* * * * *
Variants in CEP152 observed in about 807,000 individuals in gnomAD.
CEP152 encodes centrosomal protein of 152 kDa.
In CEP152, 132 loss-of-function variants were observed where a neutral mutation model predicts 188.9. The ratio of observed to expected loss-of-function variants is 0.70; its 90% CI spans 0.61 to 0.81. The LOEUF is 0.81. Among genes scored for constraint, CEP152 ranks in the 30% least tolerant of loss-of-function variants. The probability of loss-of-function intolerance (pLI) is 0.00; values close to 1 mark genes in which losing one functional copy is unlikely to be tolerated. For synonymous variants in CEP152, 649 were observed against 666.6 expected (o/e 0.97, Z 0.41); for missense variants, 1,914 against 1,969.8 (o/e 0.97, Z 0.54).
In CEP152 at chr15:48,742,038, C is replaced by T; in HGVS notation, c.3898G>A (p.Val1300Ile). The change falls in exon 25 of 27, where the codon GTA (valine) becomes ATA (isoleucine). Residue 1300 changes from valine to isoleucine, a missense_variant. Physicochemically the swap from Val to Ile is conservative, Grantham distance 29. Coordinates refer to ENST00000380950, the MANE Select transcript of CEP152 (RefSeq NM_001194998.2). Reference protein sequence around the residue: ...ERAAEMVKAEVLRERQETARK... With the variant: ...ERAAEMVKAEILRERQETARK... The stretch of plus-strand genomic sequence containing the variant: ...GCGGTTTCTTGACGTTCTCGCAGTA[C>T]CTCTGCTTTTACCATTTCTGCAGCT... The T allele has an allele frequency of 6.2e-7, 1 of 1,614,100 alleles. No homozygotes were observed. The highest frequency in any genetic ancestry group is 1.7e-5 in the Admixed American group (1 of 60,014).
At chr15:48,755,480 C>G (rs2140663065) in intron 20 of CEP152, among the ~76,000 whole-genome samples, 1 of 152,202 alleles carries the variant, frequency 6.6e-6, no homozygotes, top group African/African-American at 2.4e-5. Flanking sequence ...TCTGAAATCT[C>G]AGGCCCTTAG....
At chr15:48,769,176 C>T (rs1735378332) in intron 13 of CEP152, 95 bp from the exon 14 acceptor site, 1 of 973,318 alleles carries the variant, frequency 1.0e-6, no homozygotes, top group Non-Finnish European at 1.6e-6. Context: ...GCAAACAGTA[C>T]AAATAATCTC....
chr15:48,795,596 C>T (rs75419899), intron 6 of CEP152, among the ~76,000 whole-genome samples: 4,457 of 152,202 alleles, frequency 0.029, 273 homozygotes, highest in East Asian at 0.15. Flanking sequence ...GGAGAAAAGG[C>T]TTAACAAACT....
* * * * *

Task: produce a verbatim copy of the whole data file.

Variants in CEP152 observed in about 807,000 individuals in gnomAD.
CEP152 encodes centrosomal protein of 152 kDa.
In CEP152, 132 loss-of-function variants were observed where a neutral mutation model predicts 188.9. The ratio of observed to expected loss-of-function variants is 0.70; its 90% CI spans 0.61 to 0.81. The LOEUF is 0.81. Among genes scored for constraint, CEP152 ranks in the 30% least tolerant of loss-of-function variants. The probability of loss-of-function intolerance (pLI) is 0.00; values close to 1 mark genes in which losing one functional copy is unlikely to be tolerated. For synonymous variants in CEP152, 649 were observed against 666.6 expected (o/e 0.97, Z 0.41); for missense variants, 1,914 against 1,969.8 (o/e 0.97, Z 0.54).
In CEP152 at chr15:48,742,038, C is replaced by T; in HGVS notation, c.3898G>A (p.Val1300Ile). The change falls in exon 25 of 27, where the codon GTA (valine) becomes ATA (isoleucine). Residue 1300 changes from valine to isoleucine, a missense_variant. Physicochemically the swap from Val to Ile is conservative, Grantham distance 29. Coordinates refer to ENST00000380950, the MANE Select transcript of CEP152 (RefSeq NM_001194998.2). Reference protein sequence around the residue: ...ERAAEMVKAEVLRERQETARK... With the variant: ...ERAAEMVKAEILRERQETARK... The stretch of plus-strand genomic sequence containing the variant: ...GCGGTTTCTTGACGTTCTCGCAGTA[C>T]CTCTGCTTTTACCATTTCTGCAGCT... The T allele has an allele frequency of 6.2e-7, 1 of 1,614,100 alleles. No homozygotes were observed. The highest frequency in any genetic ancestry group is 1.7e-5 in the Admixed American group (1 of 60,014).
At chr15:48,755,480 C>G (rs2140663065) in intron 20 of CEP152, among the ~76,000 whole-genome samples, 1 of 152,202 alleles carries the variant, frequency 6.6e-6, no homozygotes, top group African/African-American at 2.4e-5. Flanking sequence ...TCTGAAATCT[C>G]AGGCCCTTAG....
At chr15:48,769,176 C>T (rs1735378332) in intron 13 of CEP152, 95 bp from the exon 14 acceptor site, 1 of 973,318 alleles carries the variant, frequency 1.0e-6, no homozygotes, top group Non-Finnish European at 1.6e-6. Context: ...GCAAACAGTA[C>T]AAATAATCTC....
chr15:48,795,596 C>T (rs75419899), intron 6 of CEP152, among the ~76,000 whole-genome samples: 4,457 of 152,202 alleles, frequency 0.029, 273 homozygotes, highest in East Asian at 0.15. Flanking sequence ...GGAGAAAAGG[C>T]TTAACAAACT....